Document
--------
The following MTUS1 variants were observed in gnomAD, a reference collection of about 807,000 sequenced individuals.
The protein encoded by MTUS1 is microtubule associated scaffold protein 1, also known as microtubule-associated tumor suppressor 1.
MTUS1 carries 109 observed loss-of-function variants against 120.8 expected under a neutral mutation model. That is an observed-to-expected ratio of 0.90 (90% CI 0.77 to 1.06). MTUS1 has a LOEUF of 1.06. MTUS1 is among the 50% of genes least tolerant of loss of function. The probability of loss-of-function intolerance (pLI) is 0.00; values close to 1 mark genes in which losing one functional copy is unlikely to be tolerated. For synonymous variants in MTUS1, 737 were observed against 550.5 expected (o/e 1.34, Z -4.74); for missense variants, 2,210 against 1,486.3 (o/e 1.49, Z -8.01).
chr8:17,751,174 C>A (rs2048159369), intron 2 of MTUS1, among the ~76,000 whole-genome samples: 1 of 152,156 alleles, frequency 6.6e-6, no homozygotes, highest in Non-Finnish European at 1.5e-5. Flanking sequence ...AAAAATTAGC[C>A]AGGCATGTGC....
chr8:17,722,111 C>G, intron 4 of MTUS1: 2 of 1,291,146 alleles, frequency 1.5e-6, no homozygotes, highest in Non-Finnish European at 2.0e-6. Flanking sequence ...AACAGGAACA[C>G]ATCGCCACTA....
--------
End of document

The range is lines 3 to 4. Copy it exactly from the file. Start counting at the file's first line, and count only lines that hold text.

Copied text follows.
MTUS1 carries 109 observed loss-of-function variants against 120.8 expected under a neutral mutation model. That is an observed-to-expected ratio of 0.90 (90% CI 0.77 to 1.06). MTUS1 has a LOEUF of 1.06. MTUS1 is among the 50% of genes least tolerant of loss of function. The probability of loss-of-function intolerance (pLI) is 0.00; values close to 1 mark genes in which losing one functional copy is unlikely to be tolerated. For synonymous variants in MTUS1, 737 were observed against 550.5 expected (o/e 1.34, Z -4.74); for missense variants, 2,210 against 1,486.3 (o/e 1.49, Z -8.01).
chr8:17,751,174 C>A (rs2048159369), intron 2 of MTUS1, among the ~76,000 whole-genome samples: 1 of 152,156 alleles, frequency 6.6e-6, no homozygotes, highest in Non-Finnish European at 1.5e-5. Flanking sequence ...AAAAATTAGC[C>A]AGGCATGTGC....